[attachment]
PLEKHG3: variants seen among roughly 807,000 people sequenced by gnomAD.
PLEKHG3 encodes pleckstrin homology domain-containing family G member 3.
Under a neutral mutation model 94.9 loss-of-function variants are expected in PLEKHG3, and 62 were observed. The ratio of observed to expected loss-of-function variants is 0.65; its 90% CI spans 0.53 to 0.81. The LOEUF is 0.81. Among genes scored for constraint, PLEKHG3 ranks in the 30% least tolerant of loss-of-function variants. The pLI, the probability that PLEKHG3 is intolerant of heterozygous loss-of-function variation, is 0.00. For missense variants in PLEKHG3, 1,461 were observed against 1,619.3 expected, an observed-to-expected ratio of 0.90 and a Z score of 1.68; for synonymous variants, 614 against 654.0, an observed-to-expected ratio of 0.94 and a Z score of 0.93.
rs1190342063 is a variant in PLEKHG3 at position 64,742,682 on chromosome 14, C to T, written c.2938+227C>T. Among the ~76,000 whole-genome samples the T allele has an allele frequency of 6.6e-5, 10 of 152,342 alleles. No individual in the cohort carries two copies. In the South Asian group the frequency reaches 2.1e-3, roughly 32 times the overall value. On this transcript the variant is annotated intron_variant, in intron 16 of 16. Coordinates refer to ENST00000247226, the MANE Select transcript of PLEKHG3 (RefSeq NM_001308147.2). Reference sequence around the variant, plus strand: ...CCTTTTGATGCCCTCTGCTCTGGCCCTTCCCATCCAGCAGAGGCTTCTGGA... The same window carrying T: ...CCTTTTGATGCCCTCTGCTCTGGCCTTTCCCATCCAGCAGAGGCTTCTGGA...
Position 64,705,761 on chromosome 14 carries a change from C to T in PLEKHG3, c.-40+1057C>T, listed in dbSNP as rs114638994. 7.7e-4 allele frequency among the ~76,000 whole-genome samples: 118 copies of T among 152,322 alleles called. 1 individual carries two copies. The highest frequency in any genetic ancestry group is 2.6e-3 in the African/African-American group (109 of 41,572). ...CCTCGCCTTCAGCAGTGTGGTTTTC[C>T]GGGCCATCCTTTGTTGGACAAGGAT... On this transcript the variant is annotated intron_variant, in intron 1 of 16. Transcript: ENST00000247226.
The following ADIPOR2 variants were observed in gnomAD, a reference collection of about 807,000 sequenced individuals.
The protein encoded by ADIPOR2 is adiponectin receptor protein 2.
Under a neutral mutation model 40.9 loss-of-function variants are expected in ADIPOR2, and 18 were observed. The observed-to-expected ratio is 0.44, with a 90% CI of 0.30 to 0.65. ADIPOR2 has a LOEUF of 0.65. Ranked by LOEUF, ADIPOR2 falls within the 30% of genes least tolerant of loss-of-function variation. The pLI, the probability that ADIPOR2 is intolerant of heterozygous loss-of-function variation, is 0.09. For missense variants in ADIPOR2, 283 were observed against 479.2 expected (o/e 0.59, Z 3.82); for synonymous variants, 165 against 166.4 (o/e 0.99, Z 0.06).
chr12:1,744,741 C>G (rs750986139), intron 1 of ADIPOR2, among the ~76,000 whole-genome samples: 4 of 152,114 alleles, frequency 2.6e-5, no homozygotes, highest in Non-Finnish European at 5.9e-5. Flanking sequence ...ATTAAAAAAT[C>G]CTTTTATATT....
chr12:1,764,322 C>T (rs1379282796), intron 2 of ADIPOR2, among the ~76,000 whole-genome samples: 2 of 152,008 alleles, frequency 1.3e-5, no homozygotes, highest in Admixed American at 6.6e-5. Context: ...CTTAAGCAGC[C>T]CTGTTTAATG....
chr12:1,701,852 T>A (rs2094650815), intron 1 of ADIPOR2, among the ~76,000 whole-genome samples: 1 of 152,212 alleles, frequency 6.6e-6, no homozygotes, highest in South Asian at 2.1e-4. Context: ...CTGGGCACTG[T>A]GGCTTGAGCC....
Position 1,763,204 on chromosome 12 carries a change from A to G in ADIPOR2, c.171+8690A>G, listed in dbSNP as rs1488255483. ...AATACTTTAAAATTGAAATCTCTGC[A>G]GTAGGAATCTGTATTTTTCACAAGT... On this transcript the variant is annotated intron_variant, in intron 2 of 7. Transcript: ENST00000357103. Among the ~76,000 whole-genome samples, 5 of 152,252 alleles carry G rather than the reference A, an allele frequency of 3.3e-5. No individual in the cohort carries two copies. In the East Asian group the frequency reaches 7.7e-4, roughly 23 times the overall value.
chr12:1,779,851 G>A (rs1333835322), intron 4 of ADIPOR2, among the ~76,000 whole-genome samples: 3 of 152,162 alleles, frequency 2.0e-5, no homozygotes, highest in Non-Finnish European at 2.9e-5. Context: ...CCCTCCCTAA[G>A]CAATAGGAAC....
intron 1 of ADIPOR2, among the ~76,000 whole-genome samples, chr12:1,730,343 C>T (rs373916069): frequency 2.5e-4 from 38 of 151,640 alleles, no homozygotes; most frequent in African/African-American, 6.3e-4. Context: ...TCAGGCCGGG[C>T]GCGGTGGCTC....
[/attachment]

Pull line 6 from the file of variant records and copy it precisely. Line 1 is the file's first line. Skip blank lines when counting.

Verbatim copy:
The following ADIPOR2 variants were observed in gnomAD, a reference collection of about 807,000 sequenced individuals.